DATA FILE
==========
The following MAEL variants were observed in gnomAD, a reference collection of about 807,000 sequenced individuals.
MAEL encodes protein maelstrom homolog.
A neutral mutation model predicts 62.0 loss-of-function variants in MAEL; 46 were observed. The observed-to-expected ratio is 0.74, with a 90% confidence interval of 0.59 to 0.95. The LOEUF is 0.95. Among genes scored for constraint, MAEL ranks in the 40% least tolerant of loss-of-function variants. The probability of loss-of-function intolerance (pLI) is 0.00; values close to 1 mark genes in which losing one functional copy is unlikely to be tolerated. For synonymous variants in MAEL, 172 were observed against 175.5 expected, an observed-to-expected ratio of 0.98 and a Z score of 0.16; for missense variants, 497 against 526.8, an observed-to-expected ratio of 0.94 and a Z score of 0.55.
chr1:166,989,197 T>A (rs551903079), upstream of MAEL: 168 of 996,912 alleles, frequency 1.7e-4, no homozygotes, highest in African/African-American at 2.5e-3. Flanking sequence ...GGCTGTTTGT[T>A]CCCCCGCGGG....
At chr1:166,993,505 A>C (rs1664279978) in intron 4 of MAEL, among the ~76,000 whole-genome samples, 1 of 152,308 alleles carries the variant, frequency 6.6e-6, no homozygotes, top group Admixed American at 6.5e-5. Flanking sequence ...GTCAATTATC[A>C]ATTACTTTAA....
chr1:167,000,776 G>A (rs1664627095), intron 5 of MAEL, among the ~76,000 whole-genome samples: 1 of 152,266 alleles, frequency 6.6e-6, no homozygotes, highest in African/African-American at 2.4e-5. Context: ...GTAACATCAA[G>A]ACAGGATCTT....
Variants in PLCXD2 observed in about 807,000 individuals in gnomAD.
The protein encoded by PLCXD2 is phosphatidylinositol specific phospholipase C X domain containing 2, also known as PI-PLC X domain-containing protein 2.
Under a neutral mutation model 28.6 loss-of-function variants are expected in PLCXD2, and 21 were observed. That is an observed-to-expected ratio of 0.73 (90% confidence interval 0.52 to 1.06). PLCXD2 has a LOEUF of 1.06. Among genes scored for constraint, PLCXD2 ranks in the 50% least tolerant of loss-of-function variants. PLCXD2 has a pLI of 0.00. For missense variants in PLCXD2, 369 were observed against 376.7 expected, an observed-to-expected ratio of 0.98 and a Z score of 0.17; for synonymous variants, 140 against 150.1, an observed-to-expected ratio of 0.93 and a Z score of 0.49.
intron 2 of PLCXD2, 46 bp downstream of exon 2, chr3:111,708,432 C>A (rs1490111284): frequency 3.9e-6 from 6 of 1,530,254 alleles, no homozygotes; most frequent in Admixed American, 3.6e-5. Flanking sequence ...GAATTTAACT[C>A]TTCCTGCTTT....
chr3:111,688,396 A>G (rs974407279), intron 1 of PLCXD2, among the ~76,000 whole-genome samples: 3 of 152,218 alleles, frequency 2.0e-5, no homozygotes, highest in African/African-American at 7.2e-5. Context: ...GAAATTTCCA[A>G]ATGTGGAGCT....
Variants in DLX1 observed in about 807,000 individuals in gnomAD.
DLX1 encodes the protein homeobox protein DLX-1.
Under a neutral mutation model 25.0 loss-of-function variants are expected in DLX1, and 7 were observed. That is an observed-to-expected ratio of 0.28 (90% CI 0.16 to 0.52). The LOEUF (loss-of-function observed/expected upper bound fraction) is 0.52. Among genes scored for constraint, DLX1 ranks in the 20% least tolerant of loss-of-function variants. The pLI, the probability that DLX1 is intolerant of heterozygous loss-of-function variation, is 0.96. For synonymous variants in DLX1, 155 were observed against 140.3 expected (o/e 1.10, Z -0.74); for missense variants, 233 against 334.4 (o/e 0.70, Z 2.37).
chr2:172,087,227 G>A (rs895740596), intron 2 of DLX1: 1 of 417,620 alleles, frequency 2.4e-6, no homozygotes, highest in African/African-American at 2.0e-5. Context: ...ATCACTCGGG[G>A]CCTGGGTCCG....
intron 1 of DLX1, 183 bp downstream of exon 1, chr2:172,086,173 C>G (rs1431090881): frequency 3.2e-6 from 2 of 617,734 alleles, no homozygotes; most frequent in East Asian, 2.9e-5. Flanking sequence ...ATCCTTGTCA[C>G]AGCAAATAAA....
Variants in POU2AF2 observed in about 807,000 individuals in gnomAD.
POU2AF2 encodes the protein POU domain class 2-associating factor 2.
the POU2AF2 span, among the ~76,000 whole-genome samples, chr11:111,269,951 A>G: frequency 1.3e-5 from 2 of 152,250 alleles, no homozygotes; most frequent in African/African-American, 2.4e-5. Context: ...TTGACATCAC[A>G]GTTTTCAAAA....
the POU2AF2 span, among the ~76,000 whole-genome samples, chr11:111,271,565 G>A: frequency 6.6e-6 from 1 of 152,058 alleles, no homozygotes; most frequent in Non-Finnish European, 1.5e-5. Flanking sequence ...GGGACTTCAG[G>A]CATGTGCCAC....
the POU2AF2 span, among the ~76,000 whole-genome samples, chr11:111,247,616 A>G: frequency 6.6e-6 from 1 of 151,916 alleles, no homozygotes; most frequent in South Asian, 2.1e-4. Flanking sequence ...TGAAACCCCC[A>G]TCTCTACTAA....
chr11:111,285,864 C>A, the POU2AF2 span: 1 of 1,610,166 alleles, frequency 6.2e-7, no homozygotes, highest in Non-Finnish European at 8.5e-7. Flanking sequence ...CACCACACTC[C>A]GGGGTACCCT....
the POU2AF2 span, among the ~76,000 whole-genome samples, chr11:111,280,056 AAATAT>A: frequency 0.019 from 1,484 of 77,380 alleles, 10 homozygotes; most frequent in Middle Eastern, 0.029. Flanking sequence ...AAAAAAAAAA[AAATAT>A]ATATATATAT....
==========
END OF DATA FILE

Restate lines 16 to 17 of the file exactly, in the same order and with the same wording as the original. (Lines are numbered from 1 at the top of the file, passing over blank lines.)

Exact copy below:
intron 1 of DLX1, 183 bp downstream of exon 1, chr2:172,086,173 C>G (rs1431090881): frequency 3.2e-6 from 2 of 617,734 alleles, no homozygotes; most frequent in East Asian, 2.9e-5. Flanking sequence ...ATCCTTGTCA[C>G]AGCAAATAAA....
Variants in POU2AF2 observed in about 807,000 individuals in gnomAD.